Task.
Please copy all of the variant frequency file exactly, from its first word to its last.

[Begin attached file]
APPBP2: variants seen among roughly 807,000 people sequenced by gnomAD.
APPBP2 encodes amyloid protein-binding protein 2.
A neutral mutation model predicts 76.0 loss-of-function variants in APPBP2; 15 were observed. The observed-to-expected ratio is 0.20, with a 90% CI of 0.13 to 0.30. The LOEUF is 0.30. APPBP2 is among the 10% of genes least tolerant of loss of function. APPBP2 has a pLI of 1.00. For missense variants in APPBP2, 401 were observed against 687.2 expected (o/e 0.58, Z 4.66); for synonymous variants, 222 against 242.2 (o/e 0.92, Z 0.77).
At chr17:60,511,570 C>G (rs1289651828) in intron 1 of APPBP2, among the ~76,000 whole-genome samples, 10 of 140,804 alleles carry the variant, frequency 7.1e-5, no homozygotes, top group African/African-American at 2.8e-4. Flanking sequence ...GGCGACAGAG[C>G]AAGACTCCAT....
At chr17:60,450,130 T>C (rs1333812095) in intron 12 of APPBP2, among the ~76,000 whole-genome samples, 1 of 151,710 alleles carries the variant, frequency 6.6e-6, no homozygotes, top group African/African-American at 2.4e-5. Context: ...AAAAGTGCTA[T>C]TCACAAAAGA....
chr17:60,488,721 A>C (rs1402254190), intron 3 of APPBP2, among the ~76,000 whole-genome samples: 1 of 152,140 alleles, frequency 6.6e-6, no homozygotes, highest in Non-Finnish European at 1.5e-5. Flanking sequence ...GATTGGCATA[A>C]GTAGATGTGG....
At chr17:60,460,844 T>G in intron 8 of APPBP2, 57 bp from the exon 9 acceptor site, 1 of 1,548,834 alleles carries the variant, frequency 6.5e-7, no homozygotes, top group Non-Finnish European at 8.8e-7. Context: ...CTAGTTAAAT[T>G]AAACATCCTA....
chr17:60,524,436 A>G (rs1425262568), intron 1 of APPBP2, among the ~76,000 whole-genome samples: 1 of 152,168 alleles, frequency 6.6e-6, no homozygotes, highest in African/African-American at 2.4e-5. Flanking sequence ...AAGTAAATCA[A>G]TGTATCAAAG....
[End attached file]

APPBP2: variants seen among roughly 807,000 people sequenced by gnomAD.
APPBP2 encodes amyloid protein-binding protein 2.
A neutral mutation model predicts 76.0 loss-of-function variants in APPBP2; 15 were observed. The observed-to-expected ratio is 0.20, with a 90% CI of 0.13 to 0.30. The LOEUF is 0.30. APPBP2 is among the 10% of genes least tolerant of loss of function. APPBP2 has a pLI of 1.00. For missense variants in APPBP2, 401 were observed against 687.2 expected (o/e 0.58, Z 4.66); for synonymous variants, 222 against 242.2 (o/e 0.92, Z 0.77).
At chr17:60,511,570 C>G (rs1289651828) in intron 1 of APPBP2, among the ~76,000 whole-genome samples, 10 of 140,804 alleles carry the variant, frequency 7.1e-5, no homozygotes, top group African/African-American at 2.8e-4. Flanking sequence ...GGCGACAGAG[C>G]AAGACTCCAT....
At chr17:60,450,130 T>C (rs1333812095) in intron 12 of APPBP2, among the ~76,000 whole-genome samples, 1 of 151,710 alleles carries the variant, frequency 6.6e-6, no homozygotes, top group African/African-American at 2.4e-5. Context: ...AAAAGTGCTA[T>C]TCACAAAAGA....
chr17:60,488,721 A>C (rs1402254190), intron 3 of APPBP2, among the ~76,000 whole-genome samples: 1 of 152,140 alleles, frequency 6.6e-6, no homozygotes, highest in Non-Finnish European at 1.5e-5. Flanking sequence ...GATTGGCATA[A>C]GTAGATGTGG....
At chr17:60,460,844 T>G in intron 8 of APPBP2, 57 bp from the exon 9 acceptor site, 1 of 1,548,834 alleles carries the variant, frequency 6.5e-7, no homozygotes, top group Non-Finnish European at 8.8e-7. Context: ...CTAGTTAAAT[T>G]AAACATCCTA....
chr17:60,524,436 A>G (rs1425262568), intron 1 of APPBP2, among the ~76,000 whole-genome samples: 1 of 152,168 alleles, frequency 6.6e-6, no homozygotes, highest in African/African-American at 2.4e-5. Flanking sequence ...AAGTAAATCA[A>G]TGTATCAAAG....